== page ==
First, we have to define the complete configuration of the object detection model. We imported the ‘get_cfg’ function from the detectron2.config module, we will be using it now. I have chosen the Coco Instance segmentation configuration (YAML file). There are other options available too. You also have to set the model’s threshold score (usually set between 0.4 to 0.6). You can load the pretrained weights for the configuration from the checkpoint

cfg = get_cfg()
cfg.MODEL.WEIGHTS = model_zoo.get_checkpoint_url("COCOInstanceSegmentation/mask_rcnn_R_50_FPN_3x.yaml")

Once we have finished the configuration part,  we initialize the DefaultPredictor with the configuration.

predictor = DefaultPredictor(cfg)

It’s ready to start predicting on images now.

Let’s use it on sample example images. Below code loads and reads images using OpenCV library.

!wget -O input.jpg
im = cv2.imread("./input.jpg")
plt.imshow(im[..., ::-1])

How to do detection?

Pass the input image to the predictor we initialized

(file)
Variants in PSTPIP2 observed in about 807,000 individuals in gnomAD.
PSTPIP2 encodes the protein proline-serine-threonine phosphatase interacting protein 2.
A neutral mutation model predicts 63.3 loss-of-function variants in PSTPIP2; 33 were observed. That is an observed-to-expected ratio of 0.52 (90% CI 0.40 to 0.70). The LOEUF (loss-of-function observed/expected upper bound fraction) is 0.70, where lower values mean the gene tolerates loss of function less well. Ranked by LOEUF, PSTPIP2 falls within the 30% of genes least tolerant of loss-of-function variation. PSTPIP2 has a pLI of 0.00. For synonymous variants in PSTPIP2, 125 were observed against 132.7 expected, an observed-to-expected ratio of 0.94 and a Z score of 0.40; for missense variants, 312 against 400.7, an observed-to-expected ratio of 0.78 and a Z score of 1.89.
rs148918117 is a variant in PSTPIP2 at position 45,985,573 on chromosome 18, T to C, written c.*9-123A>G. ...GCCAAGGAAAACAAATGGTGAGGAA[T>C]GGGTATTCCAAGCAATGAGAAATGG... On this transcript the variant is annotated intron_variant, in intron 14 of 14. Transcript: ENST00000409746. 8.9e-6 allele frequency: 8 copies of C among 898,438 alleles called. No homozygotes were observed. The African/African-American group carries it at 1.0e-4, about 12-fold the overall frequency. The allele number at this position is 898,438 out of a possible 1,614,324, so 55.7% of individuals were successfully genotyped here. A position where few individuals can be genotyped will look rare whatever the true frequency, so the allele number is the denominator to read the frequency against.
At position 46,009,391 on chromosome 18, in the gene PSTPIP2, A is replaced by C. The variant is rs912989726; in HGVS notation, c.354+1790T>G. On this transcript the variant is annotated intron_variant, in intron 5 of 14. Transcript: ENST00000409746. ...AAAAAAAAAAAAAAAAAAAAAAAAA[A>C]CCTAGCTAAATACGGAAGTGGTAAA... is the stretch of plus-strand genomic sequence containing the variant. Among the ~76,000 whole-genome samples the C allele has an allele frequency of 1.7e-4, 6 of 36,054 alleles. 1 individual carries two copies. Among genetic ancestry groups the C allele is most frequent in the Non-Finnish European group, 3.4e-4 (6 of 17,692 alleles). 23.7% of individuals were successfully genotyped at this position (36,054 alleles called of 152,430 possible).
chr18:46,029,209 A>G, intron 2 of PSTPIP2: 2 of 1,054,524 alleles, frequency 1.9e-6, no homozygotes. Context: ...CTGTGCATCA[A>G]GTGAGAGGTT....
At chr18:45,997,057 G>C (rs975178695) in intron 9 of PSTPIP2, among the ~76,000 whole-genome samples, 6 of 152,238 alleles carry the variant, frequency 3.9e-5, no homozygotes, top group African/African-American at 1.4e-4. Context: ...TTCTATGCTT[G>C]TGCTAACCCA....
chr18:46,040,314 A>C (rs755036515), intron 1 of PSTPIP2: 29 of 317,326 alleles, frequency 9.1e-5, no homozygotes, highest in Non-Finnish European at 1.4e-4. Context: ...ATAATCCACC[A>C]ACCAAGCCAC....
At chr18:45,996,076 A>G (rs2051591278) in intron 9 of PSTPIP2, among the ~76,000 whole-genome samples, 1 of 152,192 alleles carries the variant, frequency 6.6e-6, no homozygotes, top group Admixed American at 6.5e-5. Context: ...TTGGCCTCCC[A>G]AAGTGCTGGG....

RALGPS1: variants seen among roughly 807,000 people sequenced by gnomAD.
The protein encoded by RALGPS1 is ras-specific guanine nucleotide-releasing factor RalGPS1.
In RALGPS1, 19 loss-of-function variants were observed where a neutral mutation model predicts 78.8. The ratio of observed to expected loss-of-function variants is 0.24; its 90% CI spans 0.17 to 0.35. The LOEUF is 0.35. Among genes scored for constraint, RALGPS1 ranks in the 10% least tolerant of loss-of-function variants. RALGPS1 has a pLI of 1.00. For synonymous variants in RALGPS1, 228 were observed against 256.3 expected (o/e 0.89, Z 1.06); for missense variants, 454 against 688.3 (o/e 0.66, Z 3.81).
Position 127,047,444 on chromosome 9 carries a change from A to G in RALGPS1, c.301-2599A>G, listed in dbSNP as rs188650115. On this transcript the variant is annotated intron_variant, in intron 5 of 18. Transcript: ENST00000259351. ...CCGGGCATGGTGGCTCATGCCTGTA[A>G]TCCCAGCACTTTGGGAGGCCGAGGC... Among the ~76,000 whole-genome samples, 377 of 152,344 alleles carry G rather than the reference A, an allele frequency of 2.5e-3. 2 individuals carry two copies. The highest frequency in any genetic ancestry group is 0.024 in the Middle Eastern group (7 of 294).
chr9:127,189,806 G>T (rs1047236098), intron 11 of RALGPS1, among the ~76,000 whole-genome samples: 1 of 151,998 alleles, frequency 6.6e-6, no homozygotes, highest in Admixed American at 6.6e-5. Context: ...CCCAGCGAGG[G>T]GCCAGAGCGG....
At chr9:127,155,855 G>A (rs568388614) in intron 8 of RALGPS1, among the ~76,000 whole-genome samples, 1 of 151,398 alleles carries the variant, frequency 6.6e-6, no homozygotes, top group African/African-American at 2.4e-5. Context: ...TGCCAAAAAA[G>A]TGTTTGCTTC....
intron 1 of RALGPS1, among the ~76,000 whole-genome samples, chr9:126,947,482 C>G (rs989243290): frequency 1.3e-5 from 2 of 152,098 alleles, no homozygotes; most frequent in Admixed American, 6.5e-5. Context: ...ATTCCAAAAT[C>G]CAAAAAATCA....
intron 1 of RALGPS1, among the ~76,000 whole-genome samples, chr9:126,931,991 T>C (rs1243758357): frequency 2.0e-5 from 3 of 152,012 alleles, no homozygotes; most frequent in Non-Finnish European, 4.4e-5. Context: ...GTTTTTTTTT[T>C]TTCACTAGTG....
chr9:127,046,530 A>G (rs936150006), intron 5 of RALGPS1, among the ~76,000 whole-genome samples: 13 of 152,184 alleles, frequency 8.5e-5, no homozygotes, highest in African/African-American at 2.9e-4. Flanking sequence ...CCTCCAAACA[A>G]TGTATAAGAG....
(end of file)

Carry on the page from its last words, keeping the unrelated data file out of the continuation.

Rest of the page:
outputs = predictor(im[..., ::-1])

This output is a dictionary. The dictionary has the instances (prediction boxes), scores, prediction labels I’m attaching the output of the code snippet

output dictionary

Source: Executed in my Kaggle notebook.

Next, use the Visualizer class to see how detection has been performed. The visualize class has a function to draw instance predictions.

v = Visualizer(im[:, :, ::-1], MetadataCatalog.get(cfg.DATASETS.TRAIN[0]), scale=1.2)
out = v.draw_instance_predictions(outputs["instances"].to("cpu"))
plt.imshow(out.get_image()[..., ::-1][..., ::-1])

sample image | object detection with detectron2

You can observe that the model detected all the persons and horses.

I’m attaching another example output on a photo.

sample image2 | object detection with detectron2

The car in the background has also been detected with 97% accuracy.

Detectron2 on Custom Dataset

Till now, we were just getting inference using the pre-trained models. But in some cases, you might have to detect particular objects like cars, persons alone. And you might want to train a model on your dataset from scratch.

Detectron2 provides a simple way for that also. Let’s see how.

Preparing the Dataset

I’ll be using the balloon dataset, the aim will be to detect the balloons in images. This is a relatively simple example.

!unzip > /dev/null